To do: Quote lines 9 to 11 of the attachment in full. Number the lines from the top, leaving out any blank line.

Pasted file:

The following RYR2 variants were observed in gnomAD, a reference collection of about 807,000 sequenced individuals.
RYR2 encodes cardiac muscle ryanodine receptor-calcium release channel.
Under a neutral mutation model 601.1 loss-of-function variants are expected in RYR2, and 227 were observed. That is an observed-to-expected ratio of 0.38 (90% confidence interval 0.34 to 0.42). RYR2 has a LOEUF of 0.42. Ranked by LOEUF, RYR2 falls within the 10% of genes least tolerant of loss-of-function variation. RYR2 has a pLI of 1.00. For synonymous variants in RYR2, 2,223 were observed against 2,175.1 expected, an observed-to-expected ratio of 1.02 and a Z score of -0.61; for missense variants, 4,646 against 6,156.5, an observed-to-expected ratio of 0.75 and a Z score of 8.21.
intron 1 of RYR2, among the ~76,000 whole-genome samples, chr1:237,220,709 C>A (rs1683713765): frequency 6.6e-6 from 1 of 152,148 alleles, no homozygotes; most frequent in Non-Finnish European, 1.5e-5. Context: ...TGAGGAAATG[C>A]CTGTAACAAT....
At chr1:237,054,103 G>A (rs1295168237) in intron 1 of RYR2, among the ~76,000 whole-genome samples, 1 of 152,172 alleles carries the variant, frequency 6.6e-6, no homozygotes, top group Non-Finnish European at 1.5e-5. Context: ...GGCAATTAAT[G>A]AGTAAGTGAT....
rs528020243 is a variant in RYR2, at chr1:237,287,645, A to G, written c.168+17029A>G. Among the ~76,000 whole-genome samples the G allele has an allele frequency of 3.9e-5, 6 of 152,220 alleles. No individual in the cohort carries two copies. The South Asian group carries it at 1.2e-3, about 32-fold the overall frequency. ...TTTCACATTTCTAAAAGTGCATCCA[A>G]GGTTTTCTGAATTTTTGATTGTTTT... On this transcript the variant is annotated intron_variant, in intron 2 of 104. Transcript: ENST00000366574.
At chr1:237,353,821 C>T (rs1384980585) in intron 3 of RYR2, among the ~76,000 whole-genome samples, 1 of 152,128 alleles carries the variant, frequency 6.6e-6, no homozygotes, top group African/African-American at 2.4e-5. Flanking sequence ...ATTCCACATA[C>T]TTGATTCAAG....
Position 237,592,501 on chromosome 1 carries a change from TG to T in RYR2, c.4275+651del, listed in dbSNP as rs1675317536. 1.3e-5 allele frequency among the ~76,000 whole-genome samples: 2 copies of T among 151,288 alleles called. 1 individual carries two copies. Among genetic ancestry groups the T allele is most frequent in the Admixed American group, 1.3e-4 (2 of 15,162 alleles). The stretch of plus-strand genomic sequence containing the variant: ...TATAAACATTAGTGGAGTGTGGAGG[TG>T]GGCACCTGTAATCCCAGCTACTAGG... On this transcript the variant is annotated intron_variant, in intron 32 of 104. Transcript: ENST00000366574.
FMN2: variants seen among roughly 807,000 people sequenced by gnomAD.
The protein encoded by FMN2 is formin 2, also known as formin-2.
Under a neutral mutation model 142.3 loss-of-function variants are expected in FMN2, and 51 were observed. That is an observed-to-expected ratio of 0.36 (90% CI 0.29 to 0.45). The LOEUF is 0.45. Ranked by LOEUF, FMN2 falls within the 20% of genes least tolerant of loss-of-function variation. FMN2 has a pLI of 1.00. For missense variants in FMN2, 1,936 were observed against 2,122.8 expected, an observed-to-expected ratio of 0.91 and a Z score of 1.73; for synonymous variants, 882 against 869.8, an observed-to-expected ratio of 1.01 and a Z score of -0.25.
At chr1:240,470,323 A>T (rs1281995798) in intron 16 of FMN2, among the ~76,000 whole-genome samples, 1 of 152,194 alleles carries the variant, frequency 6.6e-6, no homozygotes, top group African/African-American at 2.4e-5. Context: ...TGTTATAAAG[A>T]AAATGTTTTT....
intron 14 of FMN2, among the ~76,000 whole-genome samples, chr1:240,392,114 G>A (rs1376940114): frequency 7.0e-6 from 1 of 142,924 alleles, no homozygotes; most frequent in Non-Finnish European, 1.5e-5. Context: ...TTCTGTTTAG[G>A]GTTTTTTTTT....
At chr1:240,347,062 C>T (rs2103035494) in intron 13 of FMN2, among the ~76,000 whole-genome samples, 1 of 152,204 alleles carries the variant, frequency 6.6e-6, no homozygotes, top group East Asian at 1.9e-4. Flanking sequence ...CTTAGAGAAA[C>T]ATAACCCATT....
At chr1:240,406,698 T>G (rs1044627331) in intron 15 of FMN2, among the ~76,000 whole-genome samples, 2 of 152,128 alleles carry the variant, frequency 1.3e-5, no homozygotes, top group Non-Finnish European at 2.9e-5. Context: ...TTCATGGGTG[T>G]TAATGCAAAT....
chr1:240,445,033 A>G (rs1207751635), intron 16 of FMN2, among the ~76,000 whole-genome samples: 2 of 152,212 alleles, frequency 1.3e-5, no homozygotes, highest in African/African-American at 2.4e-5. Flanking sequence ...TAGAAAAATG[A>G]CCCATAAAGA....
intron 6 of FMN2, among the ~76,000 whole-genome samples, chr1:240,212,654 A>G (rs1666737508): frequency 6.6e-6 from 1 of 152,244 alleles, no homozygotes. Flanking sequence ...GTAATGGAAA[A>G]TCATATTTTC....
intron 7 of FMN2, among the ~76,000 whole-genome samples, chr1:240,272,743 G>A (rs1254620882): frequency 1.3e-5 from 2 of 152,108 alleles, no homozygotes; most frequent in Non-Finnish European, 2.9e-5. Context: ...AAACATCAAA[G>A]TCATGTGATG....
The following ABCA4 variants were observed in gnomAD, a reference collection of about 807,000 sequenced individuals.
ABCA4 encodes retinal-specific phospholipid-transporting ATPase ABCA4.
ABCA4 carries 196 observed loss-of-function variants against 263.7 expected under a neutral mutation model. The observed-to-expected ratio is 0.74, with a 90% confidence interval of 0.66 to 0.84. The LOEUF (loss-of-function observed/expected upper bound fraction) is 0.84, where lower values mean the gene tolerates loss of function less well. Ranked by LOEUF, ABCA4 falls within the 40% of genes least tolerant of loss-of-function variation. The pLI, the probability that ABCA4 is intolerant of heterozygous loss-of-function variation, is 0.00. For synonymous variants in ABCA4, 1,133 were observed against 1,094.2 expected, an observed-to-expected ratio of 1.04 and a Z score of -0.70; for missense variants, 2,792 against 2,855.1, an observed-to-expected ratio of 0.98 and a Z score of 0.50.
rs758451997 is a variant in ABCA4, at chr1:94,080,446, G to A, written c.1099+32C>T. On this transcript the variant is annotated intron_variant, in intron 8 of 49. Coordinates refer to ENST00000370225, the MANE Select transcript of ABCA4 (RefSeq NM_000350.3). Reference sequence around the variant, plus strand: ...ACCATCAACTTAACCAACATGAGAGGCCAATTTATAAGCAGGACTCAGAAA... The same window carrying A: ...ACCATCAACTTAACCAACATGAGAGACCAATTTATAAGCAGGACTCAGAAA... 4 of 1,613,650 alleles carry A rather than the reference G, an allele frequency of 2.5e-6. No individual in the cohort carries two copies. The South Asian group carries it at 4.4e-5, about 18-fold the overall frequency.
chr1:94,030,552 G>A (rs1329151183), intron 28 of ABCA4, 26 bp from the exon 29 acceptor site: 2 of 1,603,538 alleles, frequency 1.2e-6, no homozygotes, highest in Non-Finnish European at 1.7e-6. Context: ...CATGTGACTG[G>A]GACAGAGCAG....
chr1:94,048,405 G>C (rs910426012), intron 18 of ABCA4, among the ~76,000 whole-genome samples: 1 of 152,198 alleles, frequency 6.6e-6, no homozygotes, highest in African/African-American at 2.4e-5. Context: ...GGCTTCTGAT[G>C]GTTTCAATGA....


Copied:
FMN2: variants seen among roughly 807,000 people sequenced by gnomAD.
The protein encoded by FMN2 is formin 2, also known as formin-2.
Under a neutral mutation model 142.3 loss-of-function variants are expected in FMN2, and 51 were observed. That is an observed-to-expected ratio of 0.36 (90% CI 0.29 to 0.45). The LOEUF is 0.45. Ranked by LOEUF, FMN2 falls within the 20% of genes least tolerant of loss-of-function variation. FMN2 has a pLI of 1.00. For missense variants in FMN2, 1,936 were observed against 2,122.8 expected, an observed-to-expected ratio of 0.91 and a Z score of 1.73; for synonymous variants, 882 against 869.8, an observed-to-expected ratio of 1.01 and a Z score of -0.25.